PTSD and The Holidays
Chaplain Steve Janke
483rd SPS, Cam Ranh Bay AB,
 K-9, 1970-1971

PTSD and The Holidays

Christmas should be a time of celebration and forming good memories. To many it's a time of getting together with family, remembering past holidays,and acknowledging God's goodness to us. For some veterans the holidays may be a painful and difficult time. It may be hard for them to "act" like everyone else. This family may want to think of new ways to celebrate or start new family traditions. Some vets won't participate in lighting up the tree or putting up the lights on the family house. They remember times that it was a threat to life to be caught out in the lights, out in the open. Since they feel a need to protect their family from danger, just can't enjoy getting into this type of activity either knowingly or unknowingly. Forming new family traditions might be a good way to accomplish the same mission. Some suggestions are: visit a VA hospital together and give out homemade Christmas cards or candy, or visit a homeless shelter and help serve food. Some war vets do not feel comfortable in a crowd, so why plan going out to a public activity if it brings discontentment and perhaps anger? Perhaps limiting visitors to the house, and instead have a small gathering is an alternative. Some vets do not enjoy having unexpected CO drop in. You are limited in ideas only by your imagination. However you choose to observe the holidays, you are forming memories.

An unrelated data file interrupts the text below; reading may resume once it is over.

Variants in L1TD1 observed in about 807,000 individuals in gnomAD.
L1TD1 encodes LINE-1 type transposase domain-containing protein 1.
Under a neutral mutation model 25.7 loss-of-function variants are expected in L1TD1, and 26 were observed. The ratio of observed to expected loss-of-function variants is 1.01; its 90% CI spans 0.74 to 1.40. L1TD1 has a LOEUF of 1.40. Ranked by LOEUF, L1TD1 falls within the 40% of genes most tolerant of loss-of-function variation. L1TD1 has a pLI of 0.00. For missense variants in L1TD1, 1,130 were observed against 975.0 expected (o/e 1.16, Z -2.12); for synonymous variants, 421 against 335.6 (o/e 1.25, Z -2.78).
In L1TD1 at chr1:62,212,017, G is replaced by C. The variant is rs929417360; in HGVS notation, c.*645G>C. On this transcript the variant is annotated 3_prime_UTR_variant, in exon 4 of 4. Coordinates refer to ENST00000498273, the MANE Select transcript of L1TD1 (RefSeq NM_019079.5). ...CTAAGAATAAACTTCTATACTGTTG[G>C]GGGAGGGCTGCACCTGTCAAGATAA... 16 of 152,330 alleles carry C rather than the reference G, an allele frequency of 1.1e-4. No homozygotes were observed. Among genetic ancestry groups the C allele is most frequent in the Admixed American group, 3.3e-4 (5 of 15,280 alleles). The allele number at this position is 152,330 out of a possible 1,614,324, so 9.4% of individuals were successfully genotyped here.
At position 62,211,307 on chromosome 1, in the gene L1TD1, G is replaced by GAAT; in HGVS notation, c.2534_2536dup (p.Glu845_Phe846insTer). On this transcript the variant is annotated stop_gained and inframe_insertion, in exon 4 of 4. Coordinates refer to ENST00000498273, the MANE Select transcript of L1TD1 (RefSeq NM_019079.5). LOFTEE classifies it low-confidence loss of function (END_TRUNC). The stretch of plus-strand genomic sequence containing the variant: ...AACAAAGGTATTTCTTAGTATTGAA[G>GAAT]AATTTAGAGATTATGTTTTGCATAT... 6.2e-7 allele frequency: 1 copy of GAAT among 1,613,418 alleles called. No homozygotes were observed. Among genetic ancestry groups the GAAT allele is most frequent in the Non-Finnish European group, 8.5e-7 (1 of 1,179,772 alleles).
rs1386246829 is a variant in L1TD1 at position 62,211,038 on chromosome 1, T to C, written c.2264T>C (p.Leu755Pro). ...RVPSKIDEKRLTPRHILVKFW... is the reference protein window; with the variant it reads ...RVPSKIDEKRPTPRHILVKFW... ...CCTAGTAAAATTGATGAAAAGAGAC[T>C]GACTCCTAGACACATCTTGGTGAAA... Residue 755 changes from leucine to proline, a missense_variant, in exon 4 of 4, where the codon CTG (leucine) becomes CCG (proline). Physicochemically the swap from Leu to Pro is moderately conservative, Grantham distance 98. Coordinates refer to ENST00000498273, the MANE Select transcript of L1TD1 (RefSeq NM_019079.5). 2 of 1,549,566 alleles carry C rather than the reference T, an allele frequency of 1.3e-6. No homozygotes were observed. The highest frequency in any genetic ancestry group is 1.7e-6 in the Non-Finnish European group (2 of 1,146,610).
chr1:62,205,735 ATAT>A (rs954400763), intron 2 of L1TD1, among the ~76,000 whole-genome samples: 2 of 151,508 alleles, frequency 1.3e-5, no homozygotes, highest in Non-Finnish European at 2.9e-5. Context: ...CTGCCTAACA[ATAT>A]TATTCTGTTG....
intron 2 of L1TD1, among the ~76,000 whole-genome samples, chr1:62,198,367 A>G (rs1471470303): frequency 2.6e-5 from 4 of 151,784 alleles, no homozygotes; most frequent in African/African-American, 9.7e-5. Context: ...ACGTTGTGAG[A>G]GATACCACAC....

May God be with all of you and your families at this special time and throughout the New Year.

Proverbs 3: 5,6. Trust in the Lord with all thy heart and lean not unto thine own understanding. In all thy ways acknowledge Him and He shall direct thy path.

Sincerely Yours,

Steve Janke, Chaplain VSPA